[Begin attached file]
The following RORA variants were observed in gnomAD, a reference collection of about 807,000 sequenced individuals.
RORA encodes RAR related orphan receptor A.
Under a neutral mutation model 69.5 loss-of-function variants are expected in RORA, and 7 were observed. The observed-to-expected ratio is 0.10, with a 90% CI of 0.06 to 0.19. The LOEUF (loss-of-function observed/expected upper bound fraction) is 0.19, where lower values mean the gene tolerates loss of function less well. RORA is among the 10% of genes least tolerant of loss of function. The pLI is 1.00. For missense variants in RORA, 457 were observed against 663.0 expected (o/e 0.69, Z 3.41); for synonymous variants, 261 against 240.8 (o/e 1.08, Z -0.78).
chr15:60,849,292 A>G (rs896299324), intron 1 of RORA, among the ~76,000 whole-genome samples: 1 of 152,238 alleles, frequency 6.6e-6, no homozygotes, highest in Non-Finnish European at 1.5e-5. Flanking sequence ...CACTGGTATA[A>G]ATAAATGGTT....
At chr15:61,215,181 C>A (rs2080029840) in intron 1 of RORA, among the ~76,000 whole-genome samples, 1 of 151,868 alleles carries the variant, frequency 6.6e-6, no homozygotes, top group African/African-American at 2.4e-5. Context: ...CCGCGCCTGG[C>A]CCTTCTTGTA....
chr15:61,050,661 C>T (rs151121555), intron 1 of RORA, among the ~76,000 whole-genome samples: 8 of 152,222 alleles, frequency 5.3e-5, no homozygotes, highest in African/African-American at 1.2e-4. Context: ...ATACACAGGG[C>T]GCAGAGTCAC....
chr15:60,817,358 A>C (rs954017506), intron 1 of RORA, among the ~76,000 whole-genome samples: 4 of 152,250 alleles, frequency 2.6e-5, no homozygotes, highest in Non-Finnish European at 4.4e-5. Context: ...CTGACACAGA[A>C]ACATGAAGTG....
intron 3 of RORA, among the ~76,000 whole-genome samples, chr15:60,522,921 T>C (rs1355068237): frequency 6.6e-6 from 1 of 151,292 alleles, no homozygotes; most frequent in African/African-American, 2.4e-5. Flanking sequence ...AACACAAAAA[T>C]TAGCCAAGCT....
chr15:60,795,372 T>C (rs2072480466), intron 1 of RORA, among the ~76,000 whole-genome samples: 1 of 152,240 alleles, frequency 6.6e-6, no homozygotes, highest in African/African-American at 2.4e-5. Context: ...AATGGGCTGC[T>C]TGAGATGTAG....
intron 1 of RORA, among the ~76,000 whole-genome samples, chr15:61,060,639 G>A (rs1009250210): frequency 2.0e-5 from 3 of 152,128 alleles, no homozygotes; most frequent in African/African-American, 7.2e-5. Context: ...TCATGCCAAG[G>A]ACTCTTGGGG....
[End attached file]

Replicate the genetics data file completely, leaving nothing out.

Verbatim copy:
The following RORA variants were observed in gnomAD, a reference collection of about 807,000 sequenced individuals.
RORA encodes RAR related orphan receptor A.
Under a neutral mutation model 69.5 loss-of-function variants are expected in RORA, and 7 were observed. The observed-to-expected ratio is 0.10, with a 90% CI of 0.06 to 0.19. The LOEUF (loss-of-function observed/expected upper bound fraction) is 0.19, where lower values mean the gene tolerates loss of function less well. RORA is among the 10% of genes least tolerant of loss of function. The pLI is 1.00. For missense variants in RORA, 457 were observed against 663.0 expected (o/e 0.69, Z 3.41); for synonymous variants, 261 against 240.8 (o/e 1.08, Z -0.78).
chr15:60,849,292 A>G (rs896299324), intron 1 of RORA, among the ~76,000 whole-genome samples: 1 of 152,238 alleles, frequency 6.6e-6, no homozygotes, highest in Non-Finnish European at 1.5e-5. Flanking sequence ...CACTGGTATA[A>G]ATAAATGGTT....
At chr15:61,215,181 C>A (rs2080029840) in intron 1 of RORA, among the ~76,000 whole-genome samples, 1 of 151,868 alleles carries the variant, frequency 6.6e-6, no homozygotes, top group African/African-American at 2.4e-5. Context: ...CCGCGCCTGG[C>A]CCTTCTTGTA....
chr15:61,050,661 C>T (rs151121555), intron 1 of RORA, among the ~76,000 whole-genome samples: 8 of 152,222 alleles, frequency 5.3e-5, no homozygotes, highest in African/African-American at 1.2e-4. Context: ...ATACACAGGG[C>T]GCAGAGTCAC....
chr15:60,817,358 A>C (rs954017506), intron 1 of RORA, among the ~76,000 whole-genome samples: 4 of 152,250 alleles, frequency 2.6e-5, no homozygotes, highest in Non-Finnish European at 4.4e-5. Context: ...CTGACACAGA[A>C]ACATGAAGTG....
intron 3 of RORA, among the ~76,000 whole-genome samples, chr15:60,522,921 T>C (rs1355068237): frequency 6.6e-6 from 1 of 151,292 alleles, no homozygotes; most frequent in African/African-American, 2.4e-5. Flanking sequence ...AACACAAAAA[T>C]TAGCCAAGCT....
chr15:60,795,372 T>C (rs2072480466), intron 1 of RORA, among the ~76,000 whole-genome samples: 1 of 152,240 alleles, frequency 6.6e-6, no homozygotes, highest in African/African-American at 2.4e-5. Context: ...AATGGGCTGC[T>C]TGAGATGTAG....
intron 1 of RORA, among the ~76,000 whole-genome samples, chr15:61,060,639 G>A (rs1009250210): frequency 2.0e-5 from 3 of 152,128 alleles, no homozygotes; most frequent in African/African-American, 7.2e-5. Context: ...TCATGCCAAG[G>A]ACTCTTGGGG....